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Comparative Pain Research Lab Seeks Healthy Dogs for Cardiology Study

The Comparative Pain Research Laboratory at North Carolina State University’s College of Veterinary Medicine is offering owners of healthy terriers, spaniels, or poodles free veterinary services valued at $300 if their pets qualify for a study investigating how heart disease affects a dog’s quality of life.

The participating dogs will members of control group whose daily activities will be measured and compared to the activity of dogs with early or mild heart disease.

Bernie Hansen

“Freedom of movement and activity are important contributors to a good quality of life in people, and we believe that the same is true for companion animals,” says study director Dr. Bernie Hansen, an associate professor of critical care and co-director of the Comparative Pain Research Lab.

[Listen to a podcast of a WPTF on-air interview with Dr. Hansen concerning the study transcription].

“People with moderate-to-severe heart problems have impaired mobility, and limited mobility predicts a poor prognosis for these individuals,” says Dr. Hansen. “We suspect the same is true for dogs. We hope to determine if a dog’s mild heart disease causes any measurable activity impairment. These findings will be useful in treating dogs with more severe heart disease.”

The researchers are seeking to enroll the following candidates:

BREED AGE RANGE (years) WEIGHT RANGE (pounds) USESSTAIRS** CHILDREN/OTHER DOGS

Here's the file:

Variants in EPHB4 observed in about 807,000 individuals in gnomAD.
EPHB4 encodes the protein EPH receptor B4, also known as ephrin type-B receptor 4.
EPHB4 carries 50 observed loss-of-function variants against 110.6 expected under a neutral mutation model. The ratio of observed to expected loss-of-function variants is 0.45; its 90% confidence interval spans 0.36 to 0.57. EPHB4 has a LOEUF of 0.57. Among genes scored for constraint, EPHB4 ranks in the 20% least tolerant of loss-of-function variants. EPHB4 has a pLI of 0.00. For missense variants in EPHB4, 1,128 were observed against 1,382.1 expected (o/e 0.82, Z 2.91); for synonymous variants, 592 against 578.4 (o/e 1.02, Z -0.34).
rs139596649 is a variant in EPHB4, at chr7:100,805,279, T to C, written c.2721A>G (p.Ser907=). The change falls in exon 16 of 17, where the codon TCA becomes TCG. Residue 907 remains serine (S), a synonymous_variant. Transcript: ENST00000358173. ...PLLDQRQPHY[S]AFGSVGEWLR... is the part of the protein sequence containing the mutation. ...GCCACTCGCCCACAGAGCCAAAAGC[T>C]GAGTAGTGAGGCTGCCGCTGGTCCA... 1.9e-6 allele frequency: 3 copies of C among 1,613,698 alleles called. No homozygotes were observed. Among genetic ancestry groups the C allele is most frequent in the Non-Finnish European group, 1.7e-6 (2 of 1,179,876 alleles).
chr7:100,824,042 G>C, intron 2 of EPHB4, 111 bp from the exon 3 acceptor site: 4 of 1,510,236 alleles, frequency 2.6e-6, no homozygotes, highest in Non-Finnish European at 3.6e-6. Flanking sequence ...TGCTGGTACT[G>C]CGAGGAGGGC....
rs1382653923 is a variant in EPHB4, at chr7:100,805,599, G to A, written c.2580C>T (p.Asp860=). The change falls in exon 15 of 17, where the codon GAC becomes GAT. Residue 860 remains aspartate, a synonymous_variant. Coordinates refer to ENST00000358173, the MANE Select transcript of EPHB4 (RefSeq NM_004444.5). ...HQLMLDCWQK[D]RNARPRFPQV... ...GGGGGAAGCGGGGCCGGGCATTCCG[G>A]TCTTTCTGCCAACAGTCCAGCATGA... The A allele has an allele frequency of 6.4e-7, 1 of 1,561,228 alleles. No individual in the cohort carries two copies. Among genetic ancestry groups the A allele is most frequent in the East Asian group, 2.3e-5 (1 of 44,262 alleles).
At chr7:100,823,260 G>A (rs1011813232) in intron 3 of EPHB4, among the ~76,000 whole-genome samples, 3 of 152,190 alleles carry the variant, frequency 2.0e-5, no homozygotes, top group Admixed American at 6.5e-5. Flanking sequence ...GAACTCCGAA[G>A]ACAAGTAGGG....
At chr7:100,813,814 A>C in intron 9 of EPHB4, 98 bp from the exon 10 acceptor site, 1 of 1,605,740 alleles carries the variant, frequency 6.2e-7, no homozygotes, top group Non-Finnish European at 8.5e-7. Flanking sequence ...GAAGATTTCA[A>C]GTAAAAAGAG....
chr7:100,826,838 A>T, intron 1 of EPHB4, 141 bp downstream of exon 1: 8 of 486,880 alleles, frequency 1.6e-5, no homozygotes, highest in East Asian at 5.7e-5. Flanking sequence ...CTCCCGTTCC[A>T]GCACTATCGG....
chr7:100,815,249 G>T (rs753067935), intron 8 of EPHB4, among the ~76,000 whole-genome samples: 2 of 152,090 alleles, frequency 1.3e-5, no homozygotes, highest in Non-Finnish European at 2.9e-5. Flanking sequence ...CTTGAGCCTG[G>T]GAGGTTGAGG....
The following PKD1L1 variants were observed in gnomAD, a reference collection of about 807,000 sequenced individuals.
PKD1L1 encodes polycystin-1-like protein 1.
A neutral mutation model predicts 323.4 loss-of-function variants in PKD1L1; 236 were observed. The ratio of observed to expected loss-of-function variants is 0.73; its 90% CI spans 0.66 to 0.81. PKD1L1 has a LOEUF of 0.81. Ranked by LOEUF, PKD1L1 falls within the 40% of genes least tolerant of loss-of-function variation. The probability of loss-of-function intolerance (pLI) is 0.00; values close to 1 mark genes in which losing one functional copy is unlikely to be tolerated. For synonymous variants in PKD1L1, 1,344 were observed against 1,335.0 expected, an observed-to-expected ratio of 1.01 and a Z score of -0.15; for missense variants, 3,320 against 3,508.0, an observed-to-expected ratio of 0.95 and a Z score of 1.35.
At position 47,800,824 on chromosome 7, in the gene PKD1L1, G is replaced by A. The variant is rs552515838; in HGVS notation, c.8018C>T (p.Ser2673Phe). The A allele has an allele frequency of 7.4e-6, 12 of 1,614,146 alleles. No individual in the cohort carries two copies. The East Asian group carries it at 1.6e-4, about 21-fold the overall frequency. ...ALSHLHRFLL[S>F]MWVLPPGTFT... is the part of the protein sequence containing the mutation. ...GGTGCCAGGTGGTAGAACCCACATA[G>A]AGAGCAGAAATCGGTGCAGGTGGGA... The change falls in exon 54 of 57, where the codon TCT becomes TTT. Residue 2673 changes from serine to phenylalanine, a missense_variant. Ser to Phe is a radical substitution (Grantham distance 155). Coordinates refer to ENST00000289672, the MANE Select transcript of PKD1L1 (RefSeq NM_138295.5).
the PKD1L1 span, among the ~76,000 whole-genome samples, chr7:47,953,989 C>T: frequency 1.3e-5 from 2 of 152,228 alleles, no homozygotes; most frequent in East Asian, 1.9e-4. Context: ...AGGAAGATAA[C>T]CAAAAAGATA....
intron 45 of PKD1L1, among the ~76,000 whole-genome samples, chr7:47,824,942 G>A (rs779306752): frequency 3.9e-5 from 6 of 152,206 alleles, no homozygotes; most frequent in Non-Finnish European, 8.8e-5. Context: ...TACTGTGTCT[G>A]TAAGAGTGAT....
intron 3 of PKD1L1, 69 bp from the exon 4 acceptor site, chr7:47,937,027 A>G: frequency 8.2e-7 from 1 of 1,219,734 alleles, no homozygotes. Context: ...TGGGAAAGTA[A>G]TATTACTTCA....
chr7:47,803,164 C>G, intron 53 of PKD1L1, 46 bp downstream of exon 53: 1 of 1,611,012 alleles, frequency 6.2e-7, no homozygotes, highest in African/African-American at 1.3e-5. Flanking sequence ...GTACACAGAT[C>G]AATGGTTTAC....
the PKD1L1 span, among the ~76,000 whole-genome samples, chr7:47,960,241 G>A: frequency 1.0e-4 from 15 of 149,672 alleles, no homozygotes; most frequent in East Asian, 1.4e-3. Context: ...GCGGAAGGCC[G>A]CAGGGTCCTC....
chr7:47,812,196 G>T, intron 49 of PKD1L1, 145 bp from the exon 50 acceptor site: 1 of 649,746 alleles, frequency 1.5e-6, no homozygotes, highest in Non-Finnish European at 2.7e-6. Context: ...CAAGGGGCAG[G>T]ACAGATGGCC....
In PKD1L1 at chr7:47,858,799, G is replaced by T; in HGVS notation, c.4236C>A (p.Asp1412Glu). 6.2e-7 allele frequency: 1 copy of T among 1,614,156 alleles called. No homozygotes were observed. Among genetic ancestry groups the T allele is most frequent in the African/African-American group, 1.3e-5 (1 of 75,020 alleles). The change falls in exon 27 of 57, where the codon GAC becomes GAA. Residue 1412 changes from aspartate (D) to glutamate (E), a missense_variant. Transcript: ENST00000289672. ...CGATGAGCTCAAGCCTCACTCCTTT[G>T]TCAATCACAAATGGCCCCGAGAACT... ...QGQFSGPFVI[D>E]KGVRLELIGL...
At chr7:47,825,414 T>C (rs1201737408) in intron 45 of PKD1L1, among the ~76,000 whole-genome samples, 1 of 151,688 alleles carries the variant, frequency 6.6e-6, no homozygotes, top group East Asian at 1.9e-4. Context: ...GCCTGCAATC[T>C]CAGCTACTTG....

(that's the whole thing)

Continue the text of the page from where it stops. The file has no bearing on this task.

Terrier 9.3-12.3 29-45 no no/yes
Terrier 11.1-14.1 11-17 yes yes/no
Terrier 8.7-11.7 23-34 yes no/no
Spaniel 11.7-14.7 18-29 no no/no
Poodle/poodle Mix 13.1-16.1 18-27 yes yes/yes
Cavalier King Charles Spaniel 7.6-10.6 21-32 no yes/no

Study participants will receive a free health screening involving a thorough physical examination; complete blood work including chemistry panel, thyroid test, and urinalysis; and chest x-rays. The dogs will then be fitted with an accelerometer, small collar device that will accurately measure at-home activity for two weeks. Owners also will be asked to complete a short questionnaire.

“We hope that this study will offer new information concerning heart disease in dogs, and provide a sound basis for advancing heart failure treatments in the future,” says Dr. Hansen.

The study is sponsored by the Barry and Savannah French-Poodle Memorial Fund. For more information, call Andrea Thomson in the Comparative Pain Research Laboratory at 919-513-6854 or visit the study’s CPRL webpage.

Posted July 22, 2013